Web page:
Thousands of Vietnamese workers have been striking peacefully outside of the Pou Yuen shoe factory in Ho Chi Minh City. Interestingly, unlike previous protests, this strike is not directed at the poor policies of their employer, but is instead focused on a controversial new government pension law.
The Pou Yuen factory is a subsidiary of the Taiwanese-owned Pou Chen Corporation. The factory employs over 80,000 Vietnamese workers and makes shoes for such global brands as Nike and Adidas.
Protests are a relatively unusual occurrence in Vietnam, the government usually being quick to act to prevent anything that may hurt the business environment and make foreign investors uncomfortable. The current protest has received extremely limited news coverage from local media. In recent years, with its young and low-wage workforce, Vietnam has become a key global manufacturing hub. The majority of the country’s population is under the age of 40, and many are highly skilled, making Vietnam a very attractive destination for foreign investors.
The most recent large protest to occur in Vietnam occurred in May of last year and was the result of anti-Chinese sentiment arising from the provocative move by the Chinese government in placing an oilrig in disputed waters off of the Vietnamese coast. During these protests, a number of Chinese and Taiwanese factories were burned down. You can read more about those protests here.
Controversial pension law
The new pension law that the government has instituted seeks to change the current pensions system, where workers pay a monthly sum to a central fund. If the workers became unemployed, they could receive a lump sum payment, which equals the premiums paid. However, in the new version of the law, workers will only be able to receive these payouts after they retire (the retirement age is 60 for men and 55 for women), and the amount will be distributed on a monthly basis rather than given as a lump sum. Additionally, only a small amount of workers will be eligible for unemployment payouts.
Vietnam’s government has argued that the new law was formulated so as to meet the “long-run social security objectives for the sake of laborers.” It was also intended to encourage workers to save more for their retirement. However, the striking workers say they need the lump sum unemployment payouts in order to cover daily expenses while they search for a new job. Despite recent increases in wages, Vietnam still has one of the lowest wage rates in the region.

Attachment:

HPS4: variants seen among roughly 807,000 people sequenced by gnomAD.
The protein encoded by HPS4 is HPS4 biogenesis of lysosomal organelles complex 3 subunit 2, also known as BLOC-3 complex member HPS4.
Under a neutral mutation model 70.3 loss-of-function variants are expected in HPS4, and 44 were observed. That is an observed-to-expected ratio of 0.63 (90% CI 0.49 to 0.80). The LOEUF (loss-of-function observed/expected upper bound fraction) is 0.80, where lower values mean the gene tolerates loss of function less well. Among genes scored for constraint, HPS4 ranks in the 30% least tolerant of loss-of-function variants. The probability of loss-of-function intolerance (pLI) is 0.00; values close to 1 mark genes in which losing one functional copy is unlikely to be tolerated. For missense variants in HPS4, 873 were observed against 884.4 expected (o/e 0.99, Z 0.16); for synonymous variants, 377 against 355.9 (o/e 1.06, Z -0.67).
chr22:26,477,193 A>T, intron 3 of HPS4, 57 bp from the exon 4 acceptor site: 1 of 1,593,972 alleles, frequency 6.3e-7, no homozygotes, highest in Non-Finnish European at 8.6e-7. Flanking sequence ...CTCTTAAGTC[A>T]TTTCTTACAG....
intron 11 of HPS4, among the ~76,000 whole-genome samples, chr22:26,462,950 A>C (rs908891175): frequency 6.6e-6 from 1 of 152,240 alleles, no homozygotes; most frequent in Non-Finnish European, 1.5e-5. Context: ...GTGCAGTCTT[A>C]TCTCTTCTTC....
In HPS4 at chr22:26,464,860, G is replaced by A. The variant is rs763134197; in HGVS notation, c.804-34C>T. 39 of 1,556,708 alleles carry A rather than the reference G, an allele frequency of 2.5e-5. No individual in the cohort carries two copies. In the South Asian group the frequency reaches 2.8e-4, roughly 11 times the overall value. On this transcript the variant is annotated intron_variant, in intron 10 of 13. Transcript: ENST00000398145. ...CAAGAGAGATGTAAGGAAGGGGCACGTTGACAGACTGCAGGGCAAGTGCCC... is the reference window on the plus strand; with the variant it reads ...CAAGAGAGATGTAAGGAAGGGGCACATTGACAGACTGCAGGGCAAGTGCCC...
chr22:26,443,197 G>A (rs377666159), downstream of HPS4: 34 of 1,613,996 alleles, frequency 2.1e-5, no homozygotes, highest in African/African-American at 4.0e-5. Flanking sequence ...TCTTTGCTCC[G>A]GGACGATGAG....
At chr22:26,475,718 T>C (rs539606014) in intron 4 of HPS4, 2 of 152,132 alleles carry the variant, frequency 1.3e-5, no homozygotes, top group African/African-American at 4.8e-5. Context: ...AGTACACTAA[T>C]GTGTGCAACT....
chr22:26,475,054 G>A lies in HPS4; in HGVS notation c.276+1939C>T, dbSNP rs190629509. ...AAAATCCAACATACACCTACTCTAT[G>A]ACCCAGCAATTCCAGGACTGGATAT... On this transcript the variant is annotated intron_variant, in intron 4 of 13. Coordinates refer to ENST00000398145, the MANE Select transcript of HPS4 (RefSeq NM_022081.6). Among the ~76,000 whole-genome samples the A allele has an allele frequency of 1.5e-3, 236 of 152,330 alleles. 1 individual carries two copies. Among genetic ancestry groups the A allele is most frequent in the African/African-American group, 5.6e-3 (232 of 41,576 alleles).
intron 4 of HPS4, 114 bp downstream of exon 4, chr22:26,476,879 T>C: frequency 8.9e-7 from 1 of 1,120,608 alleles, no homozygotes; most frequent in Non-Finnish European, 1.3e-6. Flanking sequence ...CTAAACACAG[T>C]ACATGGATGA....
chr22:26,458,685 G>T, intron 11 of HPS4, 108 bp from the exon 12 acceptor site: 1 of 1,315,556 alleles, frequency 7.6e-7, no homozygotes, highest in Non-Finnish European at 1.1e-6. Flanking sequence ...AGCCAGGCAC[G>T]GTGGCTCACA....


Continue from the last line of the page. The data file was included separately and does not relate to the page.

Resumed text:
An additional worry that has been voiced quietly by some workers, expresses their lack of trust that the money they have paid into the fund will still be there for their retirement. Thus, many feel safer to receive the money as soon as possible. Criticism of the Vietnamese government and controversial opinions can be dangerous, and could bring undue attention from the state security apparatus. In its defense, the government has been struggling over recent years to crack down on corruption and increase transparency in its operations, but there is still much work to be done.
As of the end of last week, the striking workers were still organized peacefully outside of the Pou Yuen factory; however, they also continued to remain under the watchful gaze of government security forces.
In response to the calls from the protesting workers, Vietnam’s Prime Minister, Nguyen Tan Dung, said the government will consider amending the pension law. There is the possibility that workers will be given the option to either receive a lump sum payment when they leave their company or receive the payment after they retire. In the meantime, government officials have urged the protesters to end their strike and return to work.